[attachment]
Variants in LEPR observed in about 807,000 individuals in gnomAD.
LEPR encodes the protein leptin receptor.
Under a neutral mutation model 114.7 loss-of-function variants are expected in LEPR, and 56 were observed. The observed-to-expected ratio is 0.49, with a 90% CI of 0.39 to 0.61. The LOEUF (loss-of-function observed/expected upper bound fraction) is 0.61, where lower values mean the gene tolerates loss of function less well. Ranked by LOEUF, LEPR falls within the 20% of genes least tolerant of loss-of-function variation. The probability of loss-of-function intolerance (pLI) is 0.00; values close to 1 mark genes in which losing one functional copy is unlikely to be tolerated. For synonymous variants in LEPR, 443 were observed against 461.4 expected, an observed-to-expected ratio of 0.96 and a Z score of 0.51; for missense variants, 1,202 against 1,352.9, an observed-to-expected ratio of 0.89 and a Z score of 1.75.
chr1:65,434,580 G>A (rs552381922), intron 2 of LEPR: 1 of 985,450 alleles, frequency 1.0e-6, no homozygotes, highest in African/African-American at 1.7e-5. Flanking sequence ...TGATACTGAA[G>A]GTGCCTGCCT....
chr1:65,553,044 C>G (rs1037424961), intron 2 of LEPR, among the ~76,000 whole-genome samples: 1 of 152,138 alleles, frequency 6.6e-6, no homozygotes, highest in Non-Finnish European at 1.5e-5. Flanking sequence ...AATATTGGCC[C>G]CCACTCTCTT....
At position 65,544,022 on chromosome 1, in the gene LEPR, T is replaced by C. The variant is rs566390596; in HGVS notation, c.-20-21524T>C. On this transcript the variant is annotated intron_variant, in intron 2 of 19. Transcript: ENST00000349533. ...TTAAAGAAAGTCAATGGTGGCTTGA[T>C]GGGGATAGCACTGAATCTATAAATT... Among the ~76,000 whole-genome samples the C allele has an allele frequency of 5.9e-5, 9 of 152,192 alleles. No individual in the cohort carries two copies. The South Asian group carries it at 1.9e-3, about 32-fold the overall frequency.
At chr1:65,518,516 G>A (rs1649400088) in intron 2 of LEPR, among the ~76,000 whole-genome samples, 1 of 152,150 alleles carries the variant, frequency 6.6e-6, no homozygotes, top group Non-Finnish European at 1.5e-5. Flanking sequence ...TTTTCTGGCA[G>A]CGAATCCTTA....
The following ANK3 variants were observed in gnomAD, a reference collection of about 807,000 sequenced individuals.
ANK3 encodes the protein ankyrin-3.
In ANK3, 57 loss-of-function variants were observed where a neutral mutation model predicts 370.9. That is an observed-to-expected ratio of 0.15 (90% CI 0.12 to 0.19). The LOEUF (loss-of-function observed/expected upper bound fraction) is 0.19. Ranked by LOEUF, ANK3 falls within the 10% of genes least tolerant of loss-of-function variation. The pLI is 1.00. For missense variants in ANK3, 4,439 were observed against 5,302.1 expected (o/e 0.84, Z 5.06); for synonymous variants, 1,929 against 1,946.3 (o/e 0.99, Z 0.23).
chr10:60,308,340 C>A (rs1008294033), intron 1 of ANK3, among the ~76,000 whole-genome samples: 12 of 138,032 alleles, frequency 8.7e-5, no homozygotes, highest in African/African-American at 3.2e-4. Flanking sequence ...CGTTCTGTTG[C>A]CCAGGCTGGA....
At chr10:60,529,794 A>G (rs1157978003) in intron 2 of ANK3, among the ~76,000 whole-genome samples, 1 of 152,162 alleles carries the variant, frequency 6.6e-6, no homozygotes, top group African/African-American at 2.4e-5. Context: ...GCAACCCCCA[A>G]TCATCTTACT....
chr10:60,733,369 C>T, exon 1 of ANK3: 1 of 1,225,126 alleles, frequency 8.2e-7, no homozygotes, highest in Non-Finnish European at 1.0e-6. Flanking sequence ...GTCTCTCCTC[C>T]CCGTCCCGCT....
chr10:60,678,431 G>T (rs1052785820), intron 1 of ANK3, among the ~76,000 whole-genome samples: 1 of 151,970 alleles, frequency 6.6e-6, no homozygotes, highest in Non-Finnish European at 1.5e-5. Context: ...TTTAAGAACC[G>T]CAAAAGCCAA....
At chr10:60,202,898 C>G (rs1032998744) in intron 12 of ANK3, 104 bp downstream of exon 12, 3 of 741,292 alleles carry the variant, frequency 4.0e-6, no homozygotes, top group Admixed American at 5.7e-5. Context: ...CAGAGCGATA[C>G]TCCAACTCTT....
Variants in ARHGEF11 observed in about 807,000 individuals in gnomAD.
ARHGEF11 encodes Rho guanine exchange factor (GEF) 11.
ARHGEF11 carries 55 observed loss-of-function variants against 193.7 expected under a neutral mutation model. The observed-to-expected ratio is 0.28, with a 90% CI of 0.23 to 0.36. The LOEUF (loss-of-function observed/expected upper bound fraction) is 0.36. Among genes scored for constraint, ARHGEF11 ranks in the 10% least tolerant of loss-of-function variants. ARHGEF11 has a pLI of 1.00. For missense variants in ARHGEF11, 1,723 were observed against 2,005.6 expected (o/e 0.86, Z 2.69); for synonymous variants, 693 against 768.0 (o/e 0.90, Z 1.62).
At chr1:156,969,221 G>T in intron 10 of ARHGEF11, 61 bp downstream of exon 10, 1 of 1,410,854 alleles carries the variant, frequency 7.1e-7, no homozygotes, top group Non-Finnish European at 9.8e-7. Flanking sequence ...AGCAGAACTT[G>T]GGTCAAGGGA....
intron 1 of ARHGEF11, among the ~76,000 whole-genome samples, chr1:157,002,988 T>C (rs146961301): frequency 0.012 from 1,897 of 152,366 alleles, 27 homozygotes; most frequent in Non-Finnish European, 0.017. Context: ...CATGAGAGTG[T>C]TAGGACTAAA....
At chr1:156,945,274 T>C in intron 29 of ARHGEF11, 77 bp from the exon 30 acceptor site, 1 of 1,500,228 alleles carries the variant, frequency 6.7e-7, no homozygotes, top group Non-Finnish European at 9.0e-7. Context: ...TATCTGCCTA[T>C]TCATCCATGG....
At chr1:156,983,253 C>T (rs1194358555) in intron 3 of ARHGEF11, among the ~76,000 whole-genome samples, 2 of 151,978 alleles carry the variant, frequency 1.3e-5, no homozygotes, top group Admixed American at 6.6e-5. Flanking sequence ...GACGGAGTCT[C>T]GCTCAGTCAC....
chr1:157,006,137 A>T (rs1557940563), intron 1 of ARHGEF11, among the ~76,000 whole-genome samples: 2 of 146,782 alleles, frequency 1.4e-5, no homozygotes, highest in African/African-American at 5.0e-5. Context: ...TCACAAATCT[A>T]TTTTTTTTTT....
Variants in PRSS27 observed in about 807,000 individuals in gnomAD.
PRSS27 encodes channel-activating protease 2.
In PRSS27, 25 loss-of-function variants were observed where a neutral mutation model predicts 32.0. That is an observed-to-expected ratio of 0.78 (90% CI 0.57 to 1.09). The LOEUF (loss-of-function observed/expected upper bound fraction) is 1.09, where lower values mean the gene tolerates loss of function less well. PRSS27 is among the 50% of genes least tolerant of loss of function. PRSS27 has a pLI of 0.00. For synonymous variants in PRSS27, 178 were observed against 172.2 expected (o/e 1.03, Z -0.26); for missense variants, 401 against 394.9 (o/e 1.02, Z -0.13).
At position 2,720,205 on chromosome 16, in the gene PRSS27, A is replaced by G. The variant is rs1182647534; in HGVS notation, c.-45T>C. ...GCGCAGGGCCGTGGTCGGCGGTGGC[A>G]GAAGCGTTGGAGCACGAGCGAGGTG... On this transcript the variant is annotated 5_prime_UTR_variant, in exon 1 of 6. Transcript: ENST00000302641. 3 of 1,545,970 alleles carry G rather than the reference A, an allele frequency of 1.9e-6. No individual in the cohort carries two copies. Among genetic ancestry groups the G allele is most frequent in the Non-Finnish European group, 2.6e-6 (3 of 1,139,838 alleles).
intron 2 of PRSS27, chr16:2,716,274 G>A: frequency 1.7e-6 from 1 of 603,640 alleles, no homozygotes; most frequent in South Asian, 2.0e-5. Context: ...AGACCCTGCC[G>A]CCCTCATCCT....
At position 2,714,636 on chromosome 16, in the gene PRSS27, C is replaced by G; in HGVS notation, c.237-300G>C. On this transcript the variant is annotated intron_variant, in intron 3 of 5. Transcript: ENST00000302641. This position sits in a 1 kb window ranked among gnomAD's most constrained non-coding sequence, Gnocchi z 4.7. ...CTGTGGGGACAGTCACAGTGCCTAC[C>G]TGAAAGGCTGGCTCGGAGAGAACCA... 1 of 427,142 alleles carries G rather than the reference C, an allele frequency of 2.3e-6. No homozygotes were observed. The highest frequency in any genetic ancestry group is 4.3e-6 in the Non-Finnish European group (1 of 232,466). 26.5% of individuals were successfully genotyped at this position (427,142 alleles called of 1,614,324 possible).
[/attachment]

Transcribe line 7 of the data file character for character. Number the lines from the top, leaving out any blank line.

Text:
At chr1:65,518,516 G>A (rs1649400088) in intron 2 of LEPR, among the ~76,000 whole-genome samples, 1 of 152,150 alleles carries the variant, frequency 6.6e-6, no homozygotes, top group Non-Finnish European at 1.5e-5. Flanking sequence ...TTTTCTGGCA[G>A]CGAATCCTTA....